Trayvon in perspective

“You know, when Trayvon Martin was first shot, I said that this could have been my son. Another way of saying that is: Trayvon Martin could have been me, 35 years ago.” With that poignant reminder, President Obama began his remarks on the Trayvon Martin case last Friday in the White House briefing room.

Obama had been strangely silent all week. Asked repeatedly if the president planned to make a statement about the verdict, press secretary Jay Carney would only say Obama would make his views known in due time. But, in five interviews, five different journalists never asked the question. 

So the president decided to come out on his own, and he gave some of the most powerful comments of his presidency. For the first time, Obama spoke as a black man addressing white America. And in just 17 minutes, he made more sense about the Trayvon Martin case than all the millions of words spoken and written about it since George Zimmerman pulled the trigger.

Yes, we accept the jury’s verdict, said the president. But it’s also fair to question that verdict. In fact, because seeing Zimmerman walk was such a shock, it’s important we do so. Then, as only he could, Obama explained why white people could never see this case through the same eyes that African-Americans do. Because, with them, it’s rooted in personal experience.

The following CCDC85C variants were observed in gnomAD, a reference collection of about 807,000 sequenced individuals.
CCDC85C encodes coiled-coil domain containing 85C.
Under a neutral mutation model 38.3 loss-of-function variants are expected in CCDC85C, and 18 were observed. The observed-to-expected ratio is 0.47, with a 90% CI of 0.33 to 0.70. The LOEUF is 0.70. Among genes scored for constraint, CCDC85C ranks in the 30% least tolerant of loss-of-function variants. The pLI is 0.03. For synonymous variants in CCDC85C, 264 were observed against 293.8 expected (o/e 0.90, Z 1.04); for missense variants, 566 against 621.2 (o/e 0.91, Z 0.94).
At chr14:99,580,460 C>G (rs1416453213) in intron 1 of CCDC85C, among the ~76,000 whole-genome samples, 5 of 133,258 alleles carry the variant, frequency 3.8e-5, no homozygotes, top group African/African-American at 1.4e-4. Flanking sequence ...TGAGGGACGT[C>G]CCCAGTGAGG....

When it comes to racial profiling, the president pointed out: “There are very few African-American men in this country who haven’t had the experience of being followed when they were shopping in a department store. That includes me.” That experience, and others like it, Obama noted, “inform how the African-American community interprets what happened one night in Florida.” It is, he noted, a deep-rooted “history that doesn’t go away.”

That same experience, he could also have added, informed how African-Americans felt about what happened to 22-year-old Oscar Grant on Dec. 31, 2008, at a BART station in Oakland, Calif., as gut-wrenchingly related in the just-released and most timely movie “Fruitvale Station.” Go see it!

The president did not glorify African-American youth. He granted that too many are involved in violence. But we still can’t deny the system today is stacked against black males. Obama asked: What if the roles were reversed? We know the answer: Trayvon Martin would already be in prison.  

Finally, the president ended with a challenge: to channel our anger into an honest re-examination of today’s self-defense and “stand your ground” laws, to make sure they haven’t become a convenient excuse for people to commit murder and get away with it. 

It’s a tough job, being president. You have to be commander in chief, economist in chief, cheerleader in chief, and mourner in chief all at once. And sometimes you also have to be teacher in chief, as Obama was on Friday. He looked inside himself and inspired us to look inside ourselves. The national conversation on race starts right here.

Press is host of “The Full-Court Press” on Current TV and author of The Obama Hate Machine.